Unified enrollment systems give families access to all of the schools in a given area through a common application, and a growing number of urban school districts use these systems to assign children to schools. The extent to which these systems yield improvements in student welfare is related to factors that influence student demand. Since seats at desirable schools are typically scarce, if applicants have similar preferences, then these systems do not positively influence student welfare. On the other hand, if preferences are more diverse, then unified enrollment systems may give way to allocative efficiencies by utilizing applicant choices effectively. Pathak will use flexible demand models to characterize parents’ school preference. The second phase of the project develops and uses quasi-experimental techniques to construct instrumental variable estimates of school effects. The settings will include high schools in New York City and K–12 schools in Boston.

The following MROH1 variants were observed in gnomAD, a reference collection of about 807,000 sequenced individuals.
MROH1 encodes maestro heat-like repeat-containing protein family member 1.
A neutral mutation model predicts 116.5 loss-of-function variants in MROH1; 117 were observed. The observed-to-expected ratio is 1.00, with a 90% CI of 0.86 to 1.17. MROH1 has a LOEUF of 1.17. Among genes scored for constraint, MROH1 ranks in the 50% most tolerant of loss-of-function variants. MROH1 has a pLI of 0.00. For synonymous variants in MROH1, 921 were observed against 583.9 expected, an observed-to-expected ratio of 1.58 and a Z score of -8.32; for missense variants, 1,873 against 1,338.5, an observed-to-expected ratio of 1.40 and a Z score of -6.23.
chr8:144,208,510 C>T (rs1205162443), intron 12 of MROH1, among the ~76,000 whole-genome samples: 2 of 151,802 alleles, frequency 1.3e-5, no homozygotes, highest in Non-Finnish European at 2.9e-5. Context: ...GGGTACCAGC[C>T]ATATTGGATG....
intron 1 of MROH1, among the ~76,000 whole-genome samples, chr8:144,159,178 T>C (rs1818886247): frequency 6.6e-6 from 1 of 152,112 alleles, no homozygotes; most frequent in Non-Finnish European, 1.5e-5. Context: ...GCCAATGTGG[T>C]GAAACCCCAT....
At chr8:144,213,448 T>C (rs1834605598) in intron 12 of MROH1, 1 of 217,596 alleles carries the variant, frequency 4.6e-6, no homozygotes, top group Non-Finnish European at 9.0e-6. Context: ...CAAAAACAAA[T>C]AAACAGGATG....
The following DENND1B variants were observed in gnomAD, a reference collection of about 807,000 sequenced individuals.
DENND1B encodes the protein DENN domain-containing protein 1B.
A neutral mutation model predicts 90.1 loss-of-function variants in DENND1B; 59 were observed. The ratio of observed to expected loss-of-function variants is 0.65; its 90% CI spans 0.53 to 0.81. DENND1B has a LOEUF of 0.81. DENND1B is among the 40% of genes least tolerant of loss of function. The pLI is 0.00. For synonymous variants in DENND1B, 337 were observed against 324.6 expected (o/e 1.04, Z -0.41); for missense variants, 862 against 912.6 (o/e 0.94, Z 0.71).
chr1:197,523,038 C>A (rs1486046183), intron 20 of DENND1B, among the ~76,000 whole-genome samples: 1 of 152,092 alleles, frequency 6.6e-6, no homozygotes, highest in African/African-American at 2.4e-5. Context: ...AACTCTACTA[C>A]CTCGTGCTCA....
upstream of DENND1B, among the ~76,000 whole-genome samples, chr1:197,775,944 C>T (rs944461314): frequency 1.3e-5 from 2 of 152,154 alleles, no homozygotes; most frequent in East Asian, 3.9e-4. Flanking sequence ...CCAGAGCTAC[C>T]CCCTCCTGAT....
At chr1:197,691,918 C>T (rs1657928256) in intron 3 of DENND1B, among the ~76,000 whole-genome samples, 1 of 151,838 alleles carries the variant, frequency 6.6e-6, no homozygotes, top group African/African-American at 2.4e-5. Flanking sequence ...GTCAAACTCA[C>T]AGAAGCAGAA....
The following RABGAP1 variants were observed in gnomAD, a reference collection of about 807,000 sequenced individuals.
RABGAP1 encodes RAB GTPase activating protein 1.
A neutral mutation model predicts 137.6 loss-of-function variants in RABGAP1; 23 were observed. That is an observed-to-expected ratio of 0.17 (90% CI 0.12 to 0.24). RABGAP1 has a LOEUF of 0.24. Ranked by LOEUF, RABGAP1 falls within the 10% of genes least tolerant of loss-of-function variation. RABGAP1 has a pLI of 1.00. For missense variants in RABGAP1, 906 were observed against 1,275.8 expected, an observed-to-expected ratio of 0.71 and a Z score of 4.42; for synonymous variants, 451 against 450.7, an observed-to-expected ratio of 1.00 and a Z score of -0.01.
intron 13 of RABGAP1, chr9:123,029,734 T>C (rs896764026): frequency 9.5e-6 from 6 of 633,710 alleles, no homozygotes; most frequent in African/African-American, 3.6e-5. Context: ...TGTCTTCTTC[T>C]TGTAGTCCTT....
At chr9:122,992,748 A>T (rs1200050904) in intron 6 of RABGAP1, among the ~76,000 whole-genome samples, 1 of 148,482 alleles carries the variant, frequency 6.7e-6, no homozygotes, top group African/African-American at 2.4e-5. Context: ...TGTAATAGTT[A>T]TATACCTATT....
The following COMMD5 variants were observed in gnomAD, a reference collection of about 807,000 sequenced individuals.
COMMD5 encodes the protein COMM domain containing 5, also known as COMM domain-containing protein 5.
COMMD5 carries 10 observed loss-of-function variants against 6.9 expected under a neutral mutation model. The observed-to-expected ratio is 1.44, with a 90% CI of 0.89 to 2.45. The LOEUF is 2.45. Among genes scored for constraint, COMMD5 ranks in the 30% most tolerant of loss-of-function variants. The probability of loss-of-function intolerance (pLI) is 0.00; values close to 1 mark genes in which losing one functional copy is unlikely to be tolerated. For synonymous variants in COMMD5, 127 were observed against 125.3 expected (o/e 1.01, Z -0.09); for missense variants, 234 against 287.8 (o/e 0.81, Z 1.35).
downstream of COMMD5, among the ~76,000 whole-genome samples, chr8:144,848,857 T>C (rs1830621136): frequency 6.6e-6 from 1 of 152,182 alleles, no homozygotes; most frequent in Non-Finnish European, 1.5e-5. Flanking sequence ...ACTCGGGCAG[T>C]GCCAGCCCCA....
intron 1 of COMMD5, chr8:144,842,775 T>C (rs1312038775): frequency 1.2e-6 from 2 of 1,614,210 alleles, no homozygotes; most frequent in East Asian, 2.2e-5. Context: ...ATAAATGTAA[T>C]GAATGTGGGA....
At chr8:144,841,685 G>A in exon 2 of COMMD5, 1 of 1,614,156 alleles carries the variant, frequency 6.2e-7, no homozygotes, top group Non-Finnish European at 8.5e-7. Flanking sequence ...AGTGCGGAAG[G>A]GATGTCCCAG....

How do unified enrollment school assignment systems affect school access? How can data generated by these systems be used for planning and evaluation?